Polyvinyl chloride (PVC) is a popular thermoplastic that contains high levels of chlorine which can reach up to 57%. Carbon, which is derived from oil or gas is also used in its fabrication. It is an odorless and solid plastic that is white, brittle and can also be found on the market in the form of pellets or white powder. PVC resin is often supplied in the powder forms and its high resistance to oxidation and degradation make it possible to store the material for long periods. Some authors/activists that oppose the manufacturers of PVC often refer to it as the “Poison Plastic” due to the toxic pollutants it might release. When plasticizers are added it becomes softer and more flexible.
Uses of PVC
PVC is predominant in the construction industry due to its low production cost, malleability, and light weight. It is used as a replacement for metal in many applications where corrosion can compromise functionality and escalate maintenance costs. Many of the world’s pipes are made from PVC and these are used in industrial and municipal applications. It is also used to make pipe fitting and pipe conduits. It does not have to be welded and can be connected with the use of joints, solvent cement and special glues–key points that highlight its installation flexibility. The material is also present in the electrical components such as electrical insulation, wires, and cable coatings.
In the healthcare industry, it is used to make feeding tubes, blood bags, intravenous (IV) bags, parts of dialysis devices and many other items. This is only possible when phthalates are added to it. Phthalates are used as plasticizers to produce flexible grades of PVC (and other plastics), thus making it better suited for the aforementioned applications due to improved performance characteristics.
Common consumer products such as raincoats, plastic bags, toys, credit cards, hoses, doors and window frames and shower curtains are also made from PVC. This is not an exhaustive list of the many products that can be found around the household with PVC as its main constituent.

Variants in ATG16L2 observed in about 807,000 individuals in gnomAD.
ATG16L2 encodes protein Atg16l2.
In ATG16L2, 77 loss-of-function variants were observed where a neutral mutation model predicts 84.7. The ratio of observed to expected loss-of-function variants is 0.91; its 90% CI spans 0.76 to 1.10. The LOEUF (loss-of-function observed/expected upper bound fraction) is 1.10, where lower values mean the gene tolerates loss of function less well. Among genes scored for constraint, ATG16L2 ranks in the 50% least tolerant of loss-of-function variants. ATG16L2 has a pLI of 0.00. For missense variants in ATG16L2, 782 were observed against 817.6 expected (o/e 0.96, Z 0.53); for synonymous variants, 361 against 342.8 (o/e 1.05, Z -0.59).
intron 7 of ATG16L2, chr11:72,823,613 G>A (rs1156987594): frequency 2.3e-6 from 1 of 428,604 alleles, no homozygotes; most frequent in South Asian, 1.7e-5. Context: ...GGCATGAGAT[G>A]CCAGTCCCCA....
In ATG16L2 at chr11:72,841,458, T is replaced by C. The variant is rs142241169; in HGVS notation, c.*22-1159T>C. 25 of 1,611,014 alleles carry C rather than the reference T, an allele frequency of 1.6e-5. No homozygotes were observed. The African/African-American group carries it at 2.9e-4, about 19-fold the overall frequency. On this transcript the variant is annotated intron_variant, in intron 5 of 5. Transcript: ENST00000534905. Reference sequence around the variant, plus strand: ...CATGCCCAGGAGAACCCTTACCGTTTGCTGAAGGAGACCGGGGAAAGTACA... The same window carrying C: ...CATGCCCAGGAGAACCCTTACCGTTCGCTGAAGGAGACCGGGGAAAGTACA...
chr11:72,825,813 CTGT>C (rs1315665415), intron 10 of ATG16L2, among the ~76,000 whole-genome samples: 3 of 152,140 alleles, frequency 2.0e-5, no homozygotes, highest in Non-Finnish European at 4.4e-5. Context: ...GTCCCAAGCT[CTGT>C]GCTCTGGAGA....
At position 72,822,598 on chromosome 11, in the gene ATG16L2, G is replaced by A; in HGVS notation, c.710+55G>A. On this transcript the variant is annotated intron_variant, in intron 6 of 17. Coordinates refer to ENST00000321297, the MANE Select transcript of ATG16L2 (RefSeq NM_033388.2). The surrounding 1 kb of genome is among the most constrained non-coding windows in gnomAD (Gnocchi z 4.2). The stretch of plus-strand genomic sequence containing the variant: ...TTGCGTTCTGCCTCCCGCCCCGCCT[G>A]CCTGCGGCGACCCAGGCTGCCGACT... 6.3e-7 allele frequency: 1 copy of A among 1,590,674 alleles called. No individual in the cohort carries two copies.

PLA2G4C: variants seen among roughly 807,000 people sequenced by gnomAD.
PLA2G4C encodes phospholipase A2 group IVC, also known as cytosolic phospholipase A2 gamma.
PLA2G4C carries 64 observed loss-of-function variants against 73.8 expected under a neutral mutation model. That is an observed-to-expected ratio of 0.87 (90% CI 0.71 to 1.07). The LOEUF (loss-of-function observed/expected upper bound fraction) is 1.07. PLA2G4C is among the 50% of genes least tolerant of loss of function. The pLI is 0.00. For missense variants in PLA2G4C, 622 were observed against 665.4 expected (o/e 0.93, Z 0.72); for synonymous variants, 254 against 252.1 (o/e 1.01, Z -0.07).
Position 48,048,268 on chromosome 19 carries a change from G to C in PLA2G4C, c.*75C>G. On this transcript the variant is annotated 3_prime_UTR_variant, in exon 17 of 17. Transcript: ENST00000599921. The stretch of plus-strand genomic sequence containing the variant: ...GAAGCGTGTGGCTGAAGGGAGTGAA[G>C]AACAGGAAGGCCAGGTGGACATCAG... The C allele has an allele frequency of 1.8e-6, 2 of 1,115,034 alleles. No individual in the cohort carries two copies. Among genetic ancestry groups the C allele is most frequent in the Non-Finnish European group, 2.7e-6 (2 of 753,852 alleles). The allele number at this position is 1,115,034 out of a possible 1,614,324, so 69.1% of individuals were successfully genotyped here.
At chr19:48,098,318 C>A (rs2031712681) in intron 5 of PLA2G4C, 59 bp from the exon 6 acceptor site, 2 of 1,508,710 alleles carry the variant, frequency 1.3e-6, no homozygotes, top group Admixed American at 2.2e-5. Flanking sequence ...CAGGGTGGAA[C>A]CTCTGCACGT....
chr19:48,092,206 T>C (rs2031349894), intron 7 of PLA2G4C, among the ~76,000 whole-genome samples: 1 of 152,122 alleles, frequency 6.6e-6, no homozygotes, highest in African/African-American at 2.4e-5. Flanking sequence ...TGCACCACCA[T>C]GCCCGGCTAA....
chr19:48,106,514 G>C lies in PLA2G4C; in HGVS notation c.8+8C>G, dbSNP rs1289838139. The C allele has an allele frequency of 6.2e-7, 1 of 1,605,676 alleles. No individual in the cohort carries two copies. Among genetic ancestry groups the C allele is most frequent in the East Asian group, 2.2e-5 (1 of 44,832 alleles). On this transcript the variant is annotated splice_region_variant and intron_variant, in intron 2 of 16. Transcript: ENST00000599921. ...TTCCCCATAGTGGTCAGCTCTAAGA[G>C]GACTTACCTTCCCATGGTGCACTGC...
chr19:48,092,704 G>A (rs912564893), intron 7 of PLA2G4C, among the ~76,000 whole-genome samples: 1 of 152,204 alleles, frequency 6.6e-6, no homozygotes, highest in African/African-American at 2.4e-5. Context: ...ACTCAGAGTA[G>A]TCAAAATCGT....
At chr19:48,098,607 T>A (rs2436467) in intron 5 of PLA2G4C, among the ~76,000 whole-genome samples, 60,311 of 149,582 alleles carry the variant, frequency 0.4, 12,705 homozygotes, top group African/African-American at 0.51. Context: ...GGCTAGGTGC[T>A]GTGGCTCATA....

Advantages of PVC
As mentioned earlier, PVC is a low-cost material that is lightweight and as such, is easy to handle and install. Compared to other types of polymers, its manufacturing process is not limited to the use of crude oil or natural gas. Some use this point to argue that it a sustainable plastic since these forms of energy are known to be nonrenewable.
PVC is also a durable material and is not affected by corrosion or other forms of degradation. It can easily be converted into different forms making its use across various industries an evident advantage. Being a thermoplastic it can be recycled and converted into new products for different industries, but this is not an easy process due to the many formulations used to manufacture PVC.
It also presents chemical stability which is an important factor when PVC products are applied in environments with different types of chemicals. This characteristic guarantees that it maintains its properties without undergoing significant changes when chemicals are added. Other advantages include:
- Clarity and transparency
- Resistance to chemical stress cracking
- Low thermal conductivity
- Requires little to no maintenance
Disadvantages of PVC
PVC is often referred to as the “Poison Plastic” and this is due to the toxins it can release during manufacture, when exposed to fire, or decomposed in landfills. These toxins have been linked to health problems that include, but are not limited to cancer, birth development problems, endocrine disruption, asthma, and lung problems. While many PVC manufacturers point to its high content of salt as being a major advantage, it is this main ingredient along with the possible release of dioxin and phthalate that are possible contributing factors to the hazards it might pose to human health and the environment.
The health concerns of PVC plastics, if any, are still highly debatable.
Future of PVC Plastics
PVC plastics account for a lot of plastics that are used in the world today. This material is ranked as the third most used plastic falling behind polyethylene and polypropylene. The concerns regarding its threat to human health have prompted research around the use of sugarcane ethanol as the feedstock for PVC instead of naphtha. Additional research is also being conducted on bio-based plasticizers as a solution for phthalate-free plasticizers. These experiments are still in their initial stages, but the hope is to develop more sustainable forms of PVC that do not affect human health or threaten the environment during the manufacture, use and disposal stages. With the many excellent characteristics that PVC presents, it continues to be a widely used plastic across various industries.